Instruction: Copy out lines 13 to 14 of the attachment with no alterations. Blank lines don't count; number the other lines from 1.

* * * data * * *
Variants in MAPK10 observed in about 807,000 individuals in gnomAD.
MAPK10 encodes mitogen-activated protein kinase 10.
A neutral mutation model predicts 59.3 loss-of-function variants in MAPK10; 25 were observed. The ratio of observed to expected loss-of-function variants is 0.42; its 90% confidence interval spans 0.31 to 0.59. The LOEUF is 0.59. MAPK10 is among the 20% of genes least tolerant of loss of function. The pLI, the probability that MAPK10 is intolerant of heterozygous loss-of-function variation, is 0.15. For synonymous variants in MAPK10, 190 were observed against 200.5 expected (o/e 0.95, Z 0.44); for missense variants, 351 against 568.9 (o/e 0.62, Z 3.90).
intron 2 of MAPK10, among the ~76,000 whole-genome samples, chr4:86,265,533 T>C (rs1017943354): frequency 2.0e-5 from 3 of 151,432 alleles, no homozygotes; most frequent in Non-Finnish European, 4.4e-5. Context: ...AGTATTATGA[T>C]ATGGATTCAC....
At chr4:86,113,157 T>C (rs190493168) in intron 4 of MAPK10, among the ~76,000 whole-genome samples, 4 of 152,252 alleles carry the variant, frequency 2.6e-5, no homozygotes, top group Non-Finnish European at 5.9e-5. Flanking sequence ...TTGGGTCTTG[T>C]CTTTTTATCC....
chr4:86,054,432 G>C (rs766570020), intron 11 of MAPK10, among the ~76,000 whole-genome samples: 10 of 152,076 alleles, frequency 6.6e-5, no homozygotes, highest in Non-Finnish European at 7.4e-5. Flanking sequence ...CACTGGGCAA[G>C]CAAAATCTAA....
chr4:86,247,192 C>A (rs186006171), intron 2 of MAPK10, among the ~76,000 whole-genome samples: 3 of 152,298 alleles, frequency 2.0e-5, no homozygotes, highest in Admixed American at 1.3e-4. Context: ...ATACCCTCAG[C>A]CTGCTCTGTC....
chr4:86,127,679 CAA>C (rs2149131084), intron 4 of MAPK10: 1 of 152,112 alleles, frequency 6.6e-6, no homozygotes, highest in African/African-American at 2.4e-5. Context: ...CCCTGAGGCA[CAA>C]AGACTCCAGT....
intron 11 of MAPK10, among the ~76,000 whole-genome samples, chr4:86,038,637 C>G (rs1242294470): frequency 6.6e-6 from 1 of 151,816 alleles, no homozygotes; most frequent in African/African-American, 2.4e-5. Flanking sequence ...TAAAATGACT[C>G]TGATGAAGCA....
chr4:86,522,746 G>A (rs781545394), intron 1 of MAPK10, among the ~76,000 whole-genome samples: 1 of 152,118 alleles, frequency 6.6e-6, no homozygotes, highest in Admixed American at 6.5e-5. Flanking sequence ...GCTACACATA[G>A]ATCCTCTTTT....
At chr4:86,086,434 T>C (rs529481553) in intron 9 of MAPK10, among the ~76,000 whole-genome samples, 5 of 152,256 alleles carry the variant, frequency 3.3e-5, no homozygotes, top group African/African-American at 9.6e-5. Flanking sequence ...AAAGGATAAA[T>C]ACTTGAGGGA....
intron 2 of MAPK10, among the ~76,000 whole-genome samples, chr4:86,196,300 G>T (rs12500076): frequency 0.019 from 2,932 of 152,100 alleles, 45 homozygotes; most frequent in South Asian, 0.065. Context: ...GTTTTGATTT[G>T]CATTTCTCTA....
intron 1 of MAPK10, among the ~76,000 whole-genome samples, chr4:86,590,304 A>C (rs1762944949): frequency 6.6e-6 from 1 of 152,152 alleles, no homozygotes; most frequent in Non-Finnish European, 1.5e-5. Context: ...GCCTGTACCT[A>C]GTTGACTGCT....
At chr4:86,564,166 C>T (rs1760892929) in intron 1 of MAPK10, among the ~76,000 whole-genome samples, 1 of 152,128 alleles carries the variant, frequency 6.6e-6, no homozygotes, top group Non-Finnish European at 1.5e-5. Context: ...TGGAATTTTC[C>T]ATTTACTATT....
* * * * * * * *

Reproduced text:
intron 1 of MAPK10, among the ~76,000 whole-genome samples, chr4:86,590,304 A>C (rs1762944949): frequency 6.6e-6 from 1 of 152,152 alleles, no homozygotes; most frequent in Non-Finnish European, 1.5e-5. Context: ...GCCTGTACCT[A>C]GTTGACTGCT....
At chr4:86,564,166 C>T (rs1760892929) in intron 1 of MAPK10, among the ~76,000 whole-genome samples, 1 of 152,128 alleles carries the variant, frequency 6.6e-6, no homozygotes, top group Non-Finnish European at 1.5e-5. Context: ...TGGAATTTTC[C>T]ATTTACTATT....